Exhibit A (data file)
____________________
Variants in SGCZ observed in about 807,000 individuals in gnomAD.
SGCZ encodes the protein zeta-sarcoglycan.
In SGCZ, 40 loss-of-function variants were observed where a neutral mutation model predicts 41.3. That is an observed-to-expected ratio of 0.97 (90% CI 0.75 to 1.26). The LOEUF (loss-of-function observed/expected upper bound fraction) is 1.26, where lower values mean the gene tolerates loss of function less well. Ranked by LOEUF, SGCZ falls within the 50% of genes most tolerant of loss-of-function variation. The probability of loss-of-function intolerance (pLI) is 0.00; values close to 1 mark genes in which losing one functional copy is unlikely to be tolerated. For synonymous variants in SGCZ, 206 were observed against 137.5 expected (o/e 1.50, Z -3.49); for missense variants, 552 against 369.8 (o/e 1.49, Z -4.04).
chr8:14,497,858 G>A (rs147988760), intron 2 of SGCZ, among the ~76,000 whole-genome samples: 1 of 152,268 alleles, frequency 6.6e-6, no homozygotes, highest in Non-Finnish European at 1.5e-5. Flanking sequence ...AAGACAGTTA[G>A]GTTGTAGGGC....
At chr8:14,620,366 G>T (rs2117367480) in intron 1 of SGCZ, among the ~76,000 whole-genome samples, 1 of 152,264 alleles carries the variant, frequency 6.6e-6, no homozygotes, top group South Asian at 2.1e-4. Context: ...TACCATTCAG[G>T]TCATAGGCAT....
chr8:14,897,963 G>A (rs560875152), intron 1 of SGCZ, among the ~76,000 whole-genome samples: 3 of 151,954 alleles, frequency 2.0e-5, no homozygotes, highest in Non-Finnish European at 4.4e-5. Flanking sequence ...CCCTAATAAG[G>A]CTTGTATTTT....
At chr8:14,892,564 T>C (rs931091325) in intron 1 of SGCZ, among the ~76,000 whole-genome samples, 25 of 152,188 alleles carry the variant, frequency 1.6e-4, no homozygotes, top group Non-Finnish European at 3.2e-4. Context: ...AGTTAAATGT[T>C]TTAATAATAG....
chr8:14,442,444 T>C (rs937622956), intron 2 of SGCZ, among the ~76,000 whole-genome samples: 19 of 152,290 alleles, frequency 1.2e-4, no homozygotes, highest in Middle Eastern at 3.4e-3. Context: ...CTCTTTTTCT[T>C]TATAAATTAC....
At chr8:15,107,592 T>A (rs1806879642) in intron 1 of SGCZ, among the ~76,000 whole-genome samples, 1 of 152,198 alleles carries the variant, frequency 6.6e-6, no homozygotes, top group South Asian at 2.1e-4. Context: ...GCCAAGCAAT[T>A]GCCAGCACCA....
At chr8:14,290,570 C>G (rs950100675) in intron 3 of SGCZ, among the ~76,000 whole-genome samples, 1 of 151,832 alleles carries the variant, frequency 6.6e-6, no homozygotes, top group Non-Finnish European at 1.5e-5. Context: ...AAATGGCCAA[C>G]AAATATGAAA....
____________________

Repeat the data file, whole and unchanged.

Variants in SGCZ observed in about 807,000 individuals in gnomAD.
SGCZ encodes the protein zeta-sarcoglycan.
In SGCZ, 40 loss-of-function variants were observed where a neutral mutation model predicts 41.3. That is an observed-to-expected ratio of 0.97 (90% CI 0.75 to 1.26). The LOEUF (loss-of-function observed/expected upper bound fraction) is 1.26, where lower values mean the gene tolerates loss of function less well. Ranked by LOEUF, SGCZ falls within the 50% of genes most tolerant of loss-of-function variation. The probability of loss-of-function intolerance (pLI) is 0.00; values close to 1 mark genes in which losing one functional copy is unlikely to be tolerated. For synonymous variants in SGCZ, 206 were observed against 137.5 expected (o/e 1.50, Z -3.49); for missense variants, 552 against 369.8 (o/e 1.49, Z -4.04).
chr8:14,497,858 G>A (rs147988760), intron 2 of SGCZ, among the ~76,000 whole-genome samples: 1 of 152,268 alleles, frequency 6.6e-6, no homozygotes, highest in Non-Finnish European at 1.5e-5. Flanking sequence ...AAGACAGTTA[G>A]GTTGTAGGGC....
At chr8:14,620,366 G>T (rs2117367480) in intron 1 of SGCZ, among the ~76,000 whole-genome samples, 1 of 152,264 alleles carries the variant, frequency 6.6e-6, no homozygotes, top group South Asian at 2.1e-4. Context: ...TACCATTCAG[G>T]TCATAGGCAT....
chr8:14,897,963 G>A (rs560875152), intron 1 of SGCZ, among the ~76,000 whole-genome samples: 3 of 151,954 alleles, frequency 2.0e-5, no homozygotes, highest in Non-Finnish European at 4.4e-5. Flanking sequence ...CCCTAATAAG[G>A]CTTGTATTTT....
At chr8:14,892,564 T>C (rs931091325) in intron 1 of SGCZ, among the ~76,000 whole-genome samples, 25 of 152,188 alleles carry the variant, frequency 1.6e-4, no homozygotes, top group Non-Finnish European at 3.2e-4. Context: ...AGTTAAATGT[T>C]TTAATAATAG....
chr8:14,442,444 T>C (rs937622956), intron 2 of SGCZ, among the ~76,000 whole-genome samples: 19 of 152,290 alleles, frequency 1.2e-4, no homozygotes, highest in Middle Eastern at 3.4e-3. Context: ...CTCTTTTTCT[T>C]TATAAATTAC....
At chr8:15,107,592 T>A (rs1806879642) in intron 1 of SGCZ, among the ~76,000 whole-genome samples, 1 of 152,198 alleles carries the variant, frequency 6.6e-6, no homozygotes, top group South Asian at 2.1e-4. Context: ...GCCAAGCAAT[T>A]GCCAGCACCA....
At chr8:14,290,570 C>G (rs950100675) in intron 3 of SGCZ, among the ~76,000 whole-genome samples, 1 of 151,832 alleles carries the variant, frequency 6.6e-6, no homozygotes, top group Non-Finnish European at 1.5e-5. Context: ...AAATGGCCAA[C>G]AAATATGAAA....